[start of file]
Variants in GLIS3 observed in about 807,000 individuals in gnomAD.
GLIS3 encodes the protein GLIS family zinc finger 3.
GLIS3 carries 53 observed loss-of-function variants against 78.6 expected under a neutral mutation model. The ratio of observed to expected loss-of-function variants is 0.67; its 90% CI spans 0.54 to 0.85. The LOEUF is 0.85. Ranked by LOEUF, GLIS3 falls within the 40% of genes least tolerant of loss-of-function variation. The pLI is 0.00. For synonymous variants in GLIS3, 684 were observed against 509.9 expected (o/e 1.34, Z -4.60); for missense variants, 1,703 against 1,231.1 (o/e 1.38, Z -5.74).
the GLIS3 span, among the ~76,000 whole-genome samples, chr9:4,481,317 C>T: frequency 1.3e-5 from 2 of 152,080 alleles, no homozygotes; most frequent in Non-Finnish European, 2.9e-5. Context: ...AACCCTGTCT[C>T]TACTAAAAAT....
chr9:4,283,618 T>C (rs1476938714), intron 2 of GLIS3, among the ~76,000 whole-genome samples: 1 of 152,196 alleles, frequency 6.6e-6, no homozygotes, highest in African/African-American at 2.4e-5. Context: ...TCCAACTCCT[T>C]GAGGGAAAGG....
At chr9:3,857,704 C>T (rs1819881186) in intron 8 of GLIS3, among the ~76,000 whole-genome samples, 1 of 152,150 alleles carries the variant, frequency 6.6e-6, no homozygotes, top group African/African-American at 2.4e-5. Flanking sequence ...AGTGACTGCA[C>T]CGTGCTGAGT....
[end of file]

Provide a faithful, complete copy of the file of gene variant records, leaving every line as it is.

Variants in GLIS3 observed in about 807,000 individuals in gnomAD.
GLIS3 encodes the protein GLIS family zinc finger 3.
GLIS3 carries 53 observed loss-of-function variants against 78.6 expected under a neutral mutation model. The ratio of observed to expected loss-of-function variants is 0.67; its 90% CI spans 0.54 to 0.85. The LOEUF is 0.85. Ranked by LOEUF, GLIS3 falls within the 40% of genes least tolerant of loss-of-function variation. The pLI is 0.00. For synonymous variants in GLIS3, 684 were observed against 509.9 expected (o/e 1.34, Z -4.60); for missense variants, 1,703 against 1,231.1 (o/e 1.38, Z -5.74).
the GLIS3 span, among the ~76,000 whole-genome samples, chr9:4,481,317 C>T: frequency 1.3e-5 from 2 of 152,080 alleles, no homozygotes; most frequent in Non-Finnish European, 2.9e-5. Context: ...AACCCTGTCT[C>T]TACTAAAAAT....
chr9:4,283,618 T>C (rs1476938714), intron 2 of GLIS3, among the ~76,000 whole-genome samples: 1 of 152,196 alleles, frequency 6.6e-6, no homozygotes, highest in African/African-American at 2.4e-5. Context: ...TCCAACTCCT[T>C]GAGGGAAAGG....
At chr9:3,857,704 C>T (rs1819881186) in intron 8 of GLIS3, among the ~76,000 whole-genome samples, 1 of 152,150 alleles carries the variant, frequency 6.6e-6, no homozygotes, top group African/African-American at 2.4e-5. Flanking sequence ...AGTGACTGCA[C>T]CGTGCTGAGT....